Where a com­pany is ex­clu­sively in­volved in man­u­fac­tur­ing and in­curs ex­pen­di­ture in rais­ing cap­i­tal to fi­nance such ac­tiv­i­ties, it is in­deed dif­fi­cult to see how such ex­pen­di­ture can be any­thing be­sides a cost com­po­nent of that en­ter­prise.

Fur­ther, in ITC1744 the court’s re­liance on the BLP case might have been mis­placed, in that the BLP case in­volved the dis­posal and not the is­sue of shares. There’s no doubt the sale of shares con­sti­tutes an ex­empt sup­ply but, as was il­lus­trated in the Kret­ztech­nik case and sub­se­quent Euro­pean rul­ings, the is­sue of shares isn’t a sup­ply and can’t con­sti­tute an in­ter­ven­ing ex­empt sup­ply.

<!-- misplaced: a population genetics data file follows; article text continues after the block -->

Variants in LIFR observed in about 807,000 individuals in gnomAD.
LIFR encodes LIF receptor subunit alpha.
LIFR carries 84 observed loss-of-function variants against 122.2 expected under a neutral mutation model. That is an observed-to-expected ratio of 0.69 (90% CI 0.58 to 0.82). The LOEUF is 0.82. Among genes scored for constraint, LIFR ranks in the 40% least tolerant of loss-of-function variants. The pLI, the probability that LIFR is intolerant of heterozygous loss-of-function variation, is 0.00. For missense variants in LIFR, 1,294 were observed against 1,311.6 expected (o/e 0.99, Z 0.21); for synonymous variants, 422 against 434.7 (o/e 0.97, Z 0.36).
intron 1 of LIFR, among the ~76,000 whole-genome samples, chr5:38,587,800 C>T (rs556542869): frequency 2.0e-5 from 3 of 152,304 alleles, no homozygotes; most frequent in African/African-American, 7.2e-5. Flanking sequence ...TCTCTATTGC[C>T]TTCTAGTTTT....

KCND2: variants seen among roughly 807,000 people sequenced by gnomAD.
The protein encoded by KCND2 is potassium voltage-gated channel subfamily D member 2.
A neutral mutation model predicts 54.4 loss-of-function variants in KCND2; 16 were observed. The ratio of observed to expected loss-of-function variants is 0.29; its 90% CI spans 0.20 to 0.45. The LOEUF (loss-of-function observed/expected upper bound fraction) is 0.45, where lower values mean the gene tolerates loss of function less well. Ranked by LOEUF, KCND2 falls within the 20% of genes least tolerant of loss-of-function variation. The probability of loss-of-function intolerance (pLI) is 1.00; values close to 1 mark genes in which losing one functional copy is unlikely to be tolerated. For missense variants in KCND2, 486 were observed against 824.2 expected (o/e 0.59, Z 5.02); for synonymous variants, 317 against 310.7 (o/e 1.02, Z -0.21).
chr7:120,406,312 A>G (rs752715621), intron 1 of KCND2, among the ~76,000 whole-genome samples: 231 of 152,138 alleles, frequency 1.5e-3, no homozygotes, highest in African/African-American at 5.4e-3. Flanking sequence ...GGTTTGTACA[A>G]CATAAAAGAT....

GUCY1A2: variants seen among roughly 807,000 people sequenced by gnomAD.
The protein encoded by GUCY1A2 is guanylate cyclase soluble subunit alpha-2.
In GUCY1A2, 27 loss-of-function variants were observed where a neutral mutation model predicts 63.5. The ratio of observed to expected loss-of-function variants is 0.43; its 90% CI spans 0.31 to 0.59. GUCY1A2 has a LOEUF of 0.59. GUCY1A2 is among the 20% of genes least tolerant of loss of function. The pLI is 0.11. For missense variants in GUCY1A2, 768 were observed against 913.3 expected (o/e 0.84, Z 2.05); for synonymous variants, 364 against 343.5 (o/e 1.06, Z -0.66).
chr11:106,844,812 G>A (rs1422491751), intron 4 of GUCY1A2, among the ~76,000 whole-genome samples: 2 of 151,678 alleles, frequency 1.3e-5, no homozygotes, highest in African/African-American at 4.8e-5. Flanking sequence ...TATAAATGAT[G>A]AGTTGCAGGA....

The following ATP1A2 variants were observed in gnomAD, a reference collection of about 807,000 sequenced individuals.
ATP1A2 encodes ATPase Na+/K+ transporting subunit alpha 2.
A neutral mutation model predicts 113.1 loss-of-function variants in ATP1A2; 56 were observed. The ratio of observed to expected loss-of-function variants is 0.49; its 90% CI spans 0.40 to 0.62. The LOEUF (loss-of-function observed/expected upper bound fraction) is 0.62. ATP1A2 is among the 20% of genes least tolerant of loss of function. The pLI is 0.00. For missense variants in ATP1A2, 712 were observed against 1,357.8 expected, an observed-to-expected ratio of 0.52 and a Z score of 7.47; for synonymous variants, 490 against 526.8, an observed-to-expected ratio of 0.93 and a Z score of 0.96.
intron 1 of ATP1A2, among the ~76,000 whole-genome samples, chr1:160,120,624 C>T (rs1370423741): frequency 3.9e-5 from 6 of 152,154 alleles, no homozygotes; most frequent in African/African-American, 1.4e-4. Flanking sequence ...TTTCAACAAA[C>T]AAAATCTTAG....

Al­though SA law in­cludes the is­sue of a share in the def­i­ni­tion of a fi­nan­cial ser­vice, in or­der for the ex­emp­tion to ap­ply, there must be a “sup­ply” of such fi­nan­cial ser­vice. It would thus seem the de­ci­sion in ITC1744 needs to be ques­tioned in light of sub­se­quent court cases and that Rev­enue’s prac­tice of dis­al­low­ing the de­duc­tion of any VAT on ex­pen­di­ture in­curred in re­la­tion to share is­sues needs to be chal­lenged.

In fact, that chal­lenge should be ex­tended to Rev­enue’s treat­ment of the VAT in­curred on a long list of ex­pen­di­ture re­lat­ing to cor­po­rate re­struc­tures, black empowerment trans­ac­tions and share­holder-re­lated costs – par­tic­u­larly where the com­pa­nies in­volved are trad­ing com­pa­nies.

Tax di­rec­tor, Deloitte